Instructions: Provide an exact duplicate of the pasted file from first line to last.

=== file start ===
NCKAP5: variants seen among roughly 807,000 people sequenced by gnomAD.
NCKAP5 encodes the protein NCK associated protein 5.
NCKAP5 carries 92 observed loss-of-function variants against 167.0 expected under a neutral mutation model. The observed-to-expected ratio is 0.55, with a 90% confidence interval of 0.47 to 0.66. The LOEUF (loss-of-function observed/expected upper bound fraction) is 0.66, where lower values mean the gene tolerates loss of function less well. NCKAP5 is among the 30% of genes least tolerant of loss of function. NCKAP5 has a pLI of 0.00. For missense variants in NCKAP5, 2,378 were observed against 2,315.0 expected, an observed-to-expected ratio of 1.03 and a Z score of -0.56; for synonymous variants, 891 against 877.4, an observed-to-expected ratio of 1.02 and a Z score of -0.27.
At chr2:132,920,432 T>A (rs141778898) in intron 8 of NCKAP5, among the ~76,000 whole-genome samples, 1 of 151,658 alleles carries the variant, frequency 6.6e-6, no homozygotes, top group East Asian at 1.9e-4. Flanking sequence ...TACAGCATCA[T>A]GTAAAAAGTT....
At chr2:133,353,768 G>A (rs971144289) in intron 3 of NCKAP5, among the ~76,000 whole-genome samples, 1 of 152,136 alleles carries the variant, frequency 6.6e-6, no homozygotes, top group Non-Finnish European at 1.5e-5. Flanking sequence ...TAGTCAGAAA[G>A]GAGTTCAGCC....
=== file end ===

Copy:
NCKAP5: variants seen among roughly 807,000 people sequenced by gnomAD.
NCKAP5 encodes the protein NCK associated protein 5.
NCKAP5 carries 92 observed loss-of-function variants against 167.0 expected under a neutral mutation model. The observed-to-expected ratio is 0.55, with a 90% confidence interval of 0.47 to 0.66. The LOEUF (loss-of-function observed/expected upper bound fraction) is 0.66, where lower values mean the gene tolerates loss of function less well. NCKAP5 is among the 30% of genes least tolerant of loss of function. NCKAP5 has a pLI of 0.00. For missense variants in NCKAP5, 2,378 were observed against 2,315.0 expected, an observed-to-expected ratio of 1.03 and a Z score of -0.56; for synonymous variants, 891 against 877.4, an observed-to-expected ratio of 1.02 and a Z score of -0.27.
At chr2:132,920,432 T>A (rs141778898) in intron 8 of NCKAP5, among the ~76,000 whole-genome samples, 1 of 151,658 alleles carries the variant, frequency 6.6e-6, no homozygotes, top group East Asian at 1.9e-4. Flanking sequence ...TACAGCATCA[T>A]GTAAAAAGTT....
At chr2:133,353,768 G>A (rs971144289) in intron 3 of NCKAP5, among the ~76,000 whole-genome samples, 1 of 152,136 alleles carries the variant, frequency 6.6e-6, no homozygotes, top group Non-Finnish European at 1.5e-5. Flanking sequence ...TAGTCAGAAA[G>A]GAGTTCAGCC....